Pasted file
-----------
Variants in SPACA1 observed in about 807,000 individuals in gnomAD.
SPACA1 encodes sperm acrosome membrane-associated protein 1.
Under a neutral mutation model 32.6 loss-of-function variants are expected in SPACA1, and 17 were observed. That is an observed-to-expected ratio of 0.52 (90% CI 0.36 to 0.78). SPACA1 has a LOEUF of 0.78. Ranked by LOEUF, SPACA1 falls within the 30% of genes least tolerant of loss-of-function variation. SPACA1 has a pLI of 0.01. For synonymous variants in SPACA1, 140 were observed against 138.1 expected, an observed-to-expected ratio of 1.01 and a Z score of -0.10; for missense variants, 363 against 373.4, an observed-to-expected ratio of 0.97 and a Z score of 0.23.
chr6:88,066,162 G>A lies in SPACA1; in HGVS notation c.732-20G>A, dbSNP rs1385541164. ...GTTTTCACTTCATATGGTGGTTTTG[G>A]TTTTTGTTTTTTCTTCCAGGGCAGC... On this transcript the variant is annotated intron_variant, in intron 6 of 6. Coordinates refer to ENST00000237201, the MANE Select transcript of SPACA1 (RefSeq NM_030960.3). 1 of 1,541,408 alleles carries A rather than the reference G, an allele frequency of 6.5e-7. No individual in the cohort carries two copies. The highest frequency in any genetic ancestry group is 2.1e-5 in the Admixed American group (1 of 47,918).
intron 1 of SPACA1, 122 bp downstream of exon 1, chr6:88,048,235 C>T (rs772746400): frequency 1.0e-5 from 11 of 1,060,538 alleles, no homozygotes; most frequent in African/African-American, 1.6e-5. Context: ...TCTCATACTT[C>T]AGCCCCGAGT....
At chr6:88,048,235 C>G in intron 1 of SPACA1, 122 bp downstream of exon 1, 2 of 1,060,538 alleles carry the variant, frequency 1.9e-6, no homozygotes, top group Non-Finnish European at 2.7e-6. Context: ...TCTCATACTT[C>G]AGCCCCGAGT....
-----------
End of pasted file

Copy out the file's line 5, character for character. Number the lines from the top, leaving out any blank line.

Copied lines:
intron 1 of SPACA1, 122 bp downstream of exon 1, chr6:88,048,235 C>T (rs772746400): frequency 1.0e-5 from 11 of 1,060,538 alleles, no homozygotes; most frequent in African/African-American, 1.6e-5. Context: ...TCTCATACTT[C>T]AGCCCCGAGT....